POP: ALBUM REVIEWS

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The Independent Culture
Sage Francis `Healthy Distrust' (Epitaph)

Following up 2002's breakthrough debut, this underground rap phenomenon is even more in-your-face here, with apocalyptic beats in the tradition of Ghostface Killah mixed with highly complex, metaphorical and political lyrics delivered in a punky, Public Enemy style. With heaps of wit thrown in the mix, it's an essential hip-hop work. HHHH

Lou Barlow `Emoh' (Domino)

With the misleadingly entitled The New Folk Implosion in 2003, it looked like former Sebadoh leader Lou Barlow had lost his way and, indeed, imploded in a lo-fi manner. But this solo effort sees him rejuvenated and replenished with a warmer production. The endearing voice and emotions are still here, and there's many a great tune. HHH

Eastern Lane `The Article' (Rough Trade)

The second album from this quartet at first listen owes a lot to the Pixies and The Strokes, but there's an impressive freneticism to their work that distinguishes them. There are some past singles as well as potential ones here, but it's when the Lane wig out, scream and rant that the album really takes on a complete, full-bodied feeling. HHH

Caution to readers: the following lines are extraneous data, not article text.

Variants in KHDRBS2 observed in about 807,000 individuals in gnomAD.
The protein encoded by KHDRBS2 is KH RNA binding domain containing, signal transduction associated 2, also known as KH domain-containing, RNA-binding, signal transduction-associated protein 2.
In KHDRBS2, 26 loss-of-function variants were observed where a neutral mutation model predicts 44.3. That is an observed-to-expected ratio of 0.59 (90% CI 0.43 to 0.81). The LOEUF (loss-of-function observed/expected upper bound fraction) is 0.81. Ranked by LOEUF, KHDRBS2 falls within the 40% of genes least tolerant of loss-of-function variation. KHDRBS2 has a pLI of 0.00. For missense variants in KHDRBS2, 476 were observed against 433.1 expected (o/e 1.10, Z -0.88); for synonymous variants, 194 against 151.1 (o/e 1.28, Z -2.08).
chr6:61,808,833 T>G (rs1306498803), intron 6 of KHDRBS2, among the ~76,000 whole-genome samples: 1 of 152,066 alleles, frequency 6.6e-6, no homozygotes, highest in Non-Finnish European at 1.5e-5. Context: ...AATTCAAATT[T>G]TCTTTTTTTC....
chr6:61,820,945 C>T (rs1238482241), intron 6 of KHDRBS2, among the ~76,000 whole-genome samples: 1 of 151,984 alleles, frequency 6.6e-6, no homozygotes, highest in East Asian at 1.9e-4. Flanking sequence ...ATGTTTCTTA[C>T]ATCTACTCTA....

Hanson `Underneath' (Cooking Vinyl)

Having lowered their vocal range since 1997's incredibly catchy hit "Mmm Bop", the three brothers have achieved a successful comeback with this self-released powerpop effort, which has achieved huge commercial success in the US. With contributions from icons of the genre such as Matthew Sweet and Gregg Alexander, it's certainly catchy - but a few tracks dip into bland MOR. HHH

Bitmap `Micro/Macro' (Gentle Electric)

Hull's Luke Barwell follows up his debut Alpha, Beta, Gamma album with another collection of woozy 1960s pop filtered through electronic bleeps, beats and bubbles. It's a canny combination, driven by sweet tunes and a fondness for the past while resolutely looking forward. HHH

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